According to disclosure reports, city ethics commissioner Stacey Fulhorst is quite rich.
As the city’s ethics commission slumbers during the reign of San Diego mayor Kevin Faulconer, executive director Stacey Fulhorst has been buying and selling lots of securities, according to her personal financial disclosure report for 2016.
Per Fulhorst’s March 28 filing, the ethics honcho purchased between $10,000 and $100,000 worth of biotech Allergan’s stock last June 16 and dumped it two months later, on August 25. She acquired between $2000 and $10,000 in drug distributor AmerisourceBergen Corp. on April 29, selling it August 25. Fulhorst’s other short-term positions valued between $10,000 and $100,000 included Ligand Pharmaceuticals; Domino’s Pizza; Home Depot; Lockhead [sic] Martin; Ralph Lauren; Tutor Perini; and Dexcom, a local biotech. Additional short-term holdings last year, reported by Fulhorst to be worth between $2000 and $10,000, were software vendor Ellie Mae and HD Supply. In addition, the document shows that on March 30 of last year Fulhorst acquired between $10,000 and $100,000 worth of Apple stock, as well as the same value range of the Walt Disney Company on May 11.
On the local front, Fulhorst bought and held between $2000 and $10,000 worth of Qualcomm on July 12. She purchased and held similar dollar amounts of Valeant Pharma (January 6); Visa (June 24); Emerson Electric (June 28); Hewlett-Packard (October 7); and Walmart (January 7). Meanwhile, according to the disclosure, an outfit called Corporate Recovery Associates, LLC, listing Fulhorst’s spouse Richard Feferman as managing member, was said to be worth more than $1 million. Its website says the firm is “a leading national consulting firm to creditors’ committees that need to maximize the recovery of claims in Chapter 11 Bankruptcy matters.”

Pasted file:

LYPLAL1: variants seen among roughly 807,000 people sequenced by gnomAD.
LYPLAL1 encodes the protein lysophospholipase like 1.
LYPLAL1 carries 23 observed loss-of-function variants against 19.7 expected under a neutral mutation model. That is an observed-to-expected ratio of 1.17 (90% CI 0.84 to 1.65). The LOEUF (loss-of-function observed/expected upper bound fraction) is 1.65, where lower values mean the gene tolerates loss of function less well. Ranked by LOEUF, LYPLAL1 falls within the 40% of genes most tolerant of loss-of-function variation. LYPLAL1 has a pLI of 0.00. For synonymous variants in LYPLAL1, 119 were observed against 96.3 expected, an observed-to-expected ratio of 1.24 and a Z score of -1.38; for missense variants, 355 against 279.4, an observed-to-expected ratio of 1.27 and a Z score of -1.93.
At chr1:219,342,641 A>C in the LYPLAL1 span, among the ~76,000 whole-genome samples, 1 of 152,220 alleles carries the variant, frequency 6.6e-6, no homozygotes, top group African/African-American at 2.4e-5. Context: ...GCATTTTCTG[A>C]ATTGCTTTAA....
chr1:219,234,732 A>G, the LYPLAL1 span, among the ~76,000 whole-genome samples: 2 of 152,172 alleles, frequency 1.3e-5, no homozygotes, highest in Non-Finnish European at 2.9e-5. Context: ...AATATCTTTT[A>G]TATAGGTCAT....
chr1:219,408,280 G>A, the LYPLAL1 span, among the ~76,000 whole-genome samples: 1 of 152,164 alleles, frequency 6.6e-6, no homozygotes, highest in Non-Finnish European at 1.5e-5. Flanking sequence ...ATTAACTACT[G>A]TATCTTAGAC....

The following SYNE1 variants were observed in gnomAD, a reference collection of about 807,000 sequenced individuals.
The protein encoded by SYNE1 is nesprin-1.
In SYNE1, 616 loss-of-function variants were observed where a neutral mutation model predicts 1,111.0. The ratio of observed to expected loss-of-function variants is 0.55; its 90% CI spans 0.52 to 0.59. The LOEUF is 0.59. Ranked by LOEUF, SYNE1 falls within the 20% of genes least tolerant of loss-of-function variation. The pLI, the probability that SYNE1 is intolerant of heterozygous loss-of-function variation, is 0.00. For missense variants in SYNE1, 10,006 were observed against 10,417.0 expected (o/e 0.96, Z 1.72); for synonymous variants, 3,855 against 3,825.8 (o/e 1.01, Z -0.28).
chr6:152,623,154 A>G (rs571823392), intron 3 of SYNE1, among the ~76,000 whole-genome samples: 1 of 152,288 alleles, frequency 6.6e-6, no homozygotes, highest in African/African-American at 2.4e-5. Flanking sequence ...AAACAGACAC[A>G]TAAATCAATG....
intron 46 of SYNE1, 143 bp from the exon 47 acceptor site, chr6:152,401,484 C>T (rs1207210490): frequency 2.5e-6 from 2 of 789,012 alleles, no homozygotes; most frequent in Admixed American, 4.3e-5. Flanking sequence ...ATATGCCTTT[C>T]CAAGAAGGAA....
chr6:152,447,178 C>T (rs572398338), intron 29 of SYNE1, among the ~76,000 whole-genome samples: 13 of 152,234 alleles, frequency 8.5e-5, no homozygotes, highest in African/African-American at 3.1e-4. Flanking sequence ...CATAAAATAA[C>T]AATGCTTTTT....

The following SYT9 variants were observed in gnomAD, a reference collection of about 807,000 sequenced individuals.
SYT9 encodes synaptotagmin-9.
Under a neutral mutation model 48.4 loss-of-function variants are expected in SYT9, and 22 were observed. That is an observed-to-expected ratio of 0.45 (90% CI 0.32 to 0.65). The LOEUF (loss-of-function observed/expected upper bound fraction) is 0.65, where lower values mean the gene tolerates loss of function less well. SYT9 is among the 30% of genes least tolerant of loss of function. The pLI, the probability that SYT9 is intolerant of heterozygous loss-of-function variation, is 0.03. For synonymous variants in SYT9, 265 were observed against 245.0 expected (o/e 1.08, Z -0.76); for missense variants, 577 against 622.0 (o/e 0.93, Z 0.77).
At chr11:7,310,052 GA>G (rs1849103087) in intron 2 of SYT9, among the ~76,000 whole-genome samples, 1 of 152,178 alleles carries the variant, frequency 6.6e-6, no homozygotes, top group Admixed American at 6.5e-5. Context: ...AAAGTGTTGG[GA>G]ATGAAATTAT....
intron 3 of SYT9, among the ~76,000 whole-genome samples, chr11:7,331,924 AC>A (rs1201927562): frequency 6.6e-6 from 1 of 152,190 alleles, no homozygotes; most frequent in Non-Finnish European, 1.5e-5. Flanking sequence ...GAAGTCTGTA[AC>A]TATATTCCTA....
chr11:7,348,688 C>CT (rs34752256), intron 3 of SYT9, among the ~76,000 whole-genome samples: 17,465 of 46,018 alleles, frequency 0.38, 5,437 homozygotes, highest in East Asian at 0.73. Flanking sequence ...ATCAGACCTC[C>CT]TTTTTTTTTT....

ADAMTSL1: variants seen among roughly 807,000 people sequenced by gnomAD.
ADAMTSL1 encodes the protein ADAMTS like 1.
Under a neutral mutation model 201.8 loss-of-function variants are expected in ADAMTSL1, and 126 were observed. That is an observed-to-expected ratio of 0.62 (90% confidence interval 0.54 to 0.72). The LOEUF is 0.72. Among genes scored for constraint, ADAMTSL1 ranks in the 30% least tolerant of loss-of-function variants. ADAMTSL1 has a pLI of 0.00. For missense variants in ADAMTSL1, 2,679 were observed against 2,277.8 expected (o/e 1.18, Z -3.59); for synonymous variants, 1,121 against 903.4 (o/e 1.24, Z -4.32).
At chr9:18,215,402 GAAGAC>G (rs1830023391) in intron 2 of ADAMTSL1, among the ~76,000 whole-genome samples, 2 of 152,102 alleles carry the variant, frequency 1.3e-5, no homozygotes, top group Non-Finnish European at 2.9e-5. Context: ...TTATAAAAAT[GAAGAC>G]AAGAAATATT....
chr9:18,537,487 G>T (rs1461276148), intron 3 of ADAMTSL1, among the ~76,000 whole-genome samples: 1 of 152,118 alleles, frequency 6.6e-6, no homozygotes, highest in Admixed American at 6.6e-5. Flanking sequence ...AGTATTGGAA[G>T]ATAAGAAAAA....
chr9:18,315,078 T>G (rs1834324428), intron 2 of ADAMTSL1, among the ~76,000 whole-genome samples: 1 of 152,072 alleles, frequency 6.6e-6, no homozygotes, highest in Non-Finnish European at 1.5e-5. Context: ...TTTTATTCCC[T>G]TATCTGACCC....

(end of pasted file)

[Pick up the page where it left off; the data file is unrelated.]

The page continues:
The holdings of top ethics officials here have raised questions among those watching the watchdogs. Walmart is a registered city lobbyist and a major money political giver that previously has faced a commission audit. Qualcomm, which frequently lobbies city officials and provides campaign cash to mayoral and city council candidates, was the target of a 2013 suit filed by New York state comptroller Thomas P. DiNapoli alleging that “despite requests for increased transparency, Qualcomm continues to obscure its political spending.”
Last March Qualcomm executives contributed thousands of dollars both before and after a secret meeting between company founder and billionaire Democrat Irwin Jacobs and GOP mayor Kevin Faulconer regarding a controversial Balboa Park road and parking plan by Jacobs, which the Republican subsequently endorsed. Ethics complaints are not aired in public unless the commission votes to impose sanctions, and Fulhorst no longer provides formal advice letters, reserving her opinions for email and telephone talks that don’t provide a public paper trail.